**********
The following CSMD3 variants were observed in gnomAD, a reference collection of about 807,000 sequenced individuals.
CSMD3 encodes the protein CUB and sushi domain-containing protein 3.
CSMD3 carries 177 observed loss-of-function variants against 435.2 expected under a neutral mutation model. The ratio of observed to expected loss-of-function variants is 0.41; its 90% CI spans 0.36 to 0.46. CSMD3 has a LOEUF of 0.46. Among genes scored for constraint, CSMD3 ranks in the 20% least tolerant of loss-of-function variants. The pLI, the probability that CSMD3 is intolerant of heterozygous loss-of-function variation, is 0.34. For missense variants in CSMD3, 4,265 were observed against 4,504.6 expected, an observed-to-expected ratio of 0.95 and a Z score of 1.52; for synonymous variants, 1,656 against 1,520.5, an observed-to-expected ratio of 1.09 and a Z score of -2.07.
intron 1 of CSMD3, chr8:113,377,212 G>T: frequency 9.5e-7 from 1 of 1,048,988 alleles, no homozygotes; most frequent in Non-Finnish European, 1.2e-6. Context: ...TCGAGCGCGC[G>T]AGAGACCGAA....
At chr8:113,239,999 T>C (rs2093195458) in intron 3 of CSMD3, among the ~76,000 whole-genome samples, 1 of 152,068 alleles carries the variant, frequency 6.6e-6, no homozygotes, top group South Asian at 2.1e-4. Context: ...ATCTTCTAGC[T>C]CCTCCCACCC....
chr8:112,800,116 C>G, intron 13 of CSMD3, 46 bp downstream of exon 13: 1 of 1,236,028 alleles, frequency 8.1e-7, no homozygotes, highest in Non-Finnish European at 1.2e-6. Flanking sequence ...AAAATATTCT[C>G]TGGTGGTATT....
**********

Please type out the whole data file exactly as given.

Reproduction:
The following CSMD3 variants were observed in gnomAD, a reference collection of about 807,000 sequenced individuals.
CSMD3 encodes the protein CUB and sushi domain-containing protein 3.
CSMD3 carries 177 observed loss-of-function variants against 435.2 expected under a neutral mutation model. The ratio of observed to expected loss-of-function variants is 0.41; its 90% CI spans 0.36 to 0.46. CSMD3 has a LOEUF of 0.46. Among genes scored for constraint, CSMD3 ranks in the 20% least tolerant of loss-of-function variants. The pLI, the probability that CSMD3 is intolerant of heterozygous loss-of-function variation, is 0.34. For missense variants in CSMD3, 4,265 were observed against 4,504.6 expected, an observed-to-expected ratio of 0.95 and a Z score of 1.52; for synonymous variants, 1,656 against 1,520.5, an observed-to-expected ratio of 1.09 and a Z score of -2.07.
intron 1 of CSMD3, chr8:113,377,212 G>T: frequency 9.5e-7 from 1 of 1,048,988 alleles, no homozygotes; most frequent in Non-Finnish European, 1.2e-6. Context: ...TCGAGCGCGC[G>T]AGAGACCGAA....
At chr8:113,239,999 T>C (rs2093195458) in intron 3 of CSMD3, among the ~76,000 whole-genome samples, 1 of 152,068 alleles carries the variant, frequency 6.6e-6, no homozygotes, top group South Asian at 2.1e-4. Context: ...ATCTTCTAGC[T>C]CCTCCCACCC....
chr8:112,800,116 C>G, intron 13 of CSMD3, 46 bp downstream of exon 13: 1 of 1,236,028 alleles, frequency 8.1e-7, no homozygotes, highest in Non-Finnish European at 1.2e-6. Flanking sequence ...AAAATATTCT[C>G]TGGTGGTATT....